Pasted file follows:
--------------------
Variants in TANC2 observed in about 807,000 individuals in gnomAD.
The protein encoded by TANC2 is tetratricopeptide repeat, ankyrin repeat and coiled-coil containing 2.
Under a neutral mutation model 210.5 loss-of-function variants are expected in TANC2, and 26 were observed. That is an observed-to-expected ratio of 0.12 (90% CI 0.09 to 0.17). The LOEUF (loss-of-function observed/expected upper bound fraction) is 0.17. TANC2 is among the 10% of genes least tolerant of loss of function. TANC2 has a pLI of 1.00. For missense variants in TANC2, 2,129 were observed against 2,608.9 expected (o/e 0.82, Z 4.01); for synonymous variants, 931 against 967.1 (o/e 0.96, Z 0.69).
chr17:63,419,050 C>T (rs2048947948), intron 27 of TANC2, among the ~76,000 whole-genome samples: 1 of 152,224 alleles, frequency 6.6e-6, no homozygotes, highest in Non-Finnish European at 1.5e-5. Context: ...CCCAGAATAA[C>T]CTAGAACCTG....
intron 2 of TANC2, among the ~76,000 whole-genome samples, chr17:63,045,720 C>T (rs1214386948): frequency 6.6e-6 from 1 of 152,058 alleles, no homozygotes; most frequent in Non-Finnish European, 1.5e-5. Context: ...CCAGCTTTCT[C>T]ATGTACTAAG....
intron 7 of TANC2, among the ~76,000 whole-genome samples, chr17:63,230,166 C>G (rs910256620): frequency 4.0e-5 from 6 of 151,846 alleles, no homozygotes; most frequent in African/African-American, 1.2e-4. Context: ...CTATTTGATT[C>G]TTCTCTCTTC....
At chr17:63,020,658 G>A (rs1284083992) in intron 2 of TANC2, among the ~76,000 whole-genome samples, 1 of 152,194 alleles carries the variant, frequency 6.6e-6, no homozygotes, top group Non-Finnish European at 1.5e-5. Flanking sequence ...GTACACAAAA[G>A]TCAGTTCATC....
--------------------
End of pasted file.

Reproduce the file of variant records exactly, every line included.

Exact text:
Variants in TANC2 observed in about 807,000 individuals in gnomAD.
The protein encoded by TANC2 is tetratricopeptide repeat, ankyrin repeat and coiled-coil containing 2.
Under a neutral mutation model 210.5 loss-of-function variants are expected in TANC2, and 26 were observed. That is an observed-to-expected ratio of 0.12 (90% CI 0.09 to 0.17). The LOEUF (loss-of-function observed/expected upper bound fraction) is 0.17. TANC2 is among the 10% of genes least tolerant of loss of function. TANC2 has a pLI of 1.00. For missense variants in TANC2, 2,129 were observed against 2,608.9 expected (o/e 0.82, Z 4.01); for synonymous variants, 931 against 967.1 (o/e 0.96, Z 0.69).
chr17:63,419,050 C>T (rs2048947948), intron 27 of TANC2, among the ~76,000 whole-genome samples: 1 of 152,224 alleles, frequency 6.6e-6, no homozygotes, highest in Non-Finnish European at 1.5e-5. Context: ...CCCAGAATAA[C>T]CTAGAACCTG....
intron 2 of TANC2, among the ~76,000 whole-genome samples, chr17:63,045,720 C>T (rs1214386948): frequency 6.6e-6 from 1 of 152,058 alleles, no homozygotes; most frequent in Non-Finnish European, 1.5e-5. Context: ...CCAGCTTTCT[C>T]ATGTACTAAG....
intron 7 of TANC2, among the ~76,000 whole-genome samples, chr17:63,230,166 C>G (rs910256620): frequency 4.0e-5 from 6 of 151,846 alleles, no homozygotes; most frequent in African/African-American, 1.2e-4. Context: ...CTATTTGATT[C>G]TTCTCTCTTC....
At chr17:63,020,658 G>A (rs1284083992) in intron 2 of TANC2, among the ~76,000 whole-genome samples, 1 of 152,194 alleles carries the variant, frequency 6.6e-6, no homozygotes, top group Non-Finnish European at 1.5e-5. Flanking sequence ...GTACACAAAA[G>A]TCAGTTCATC....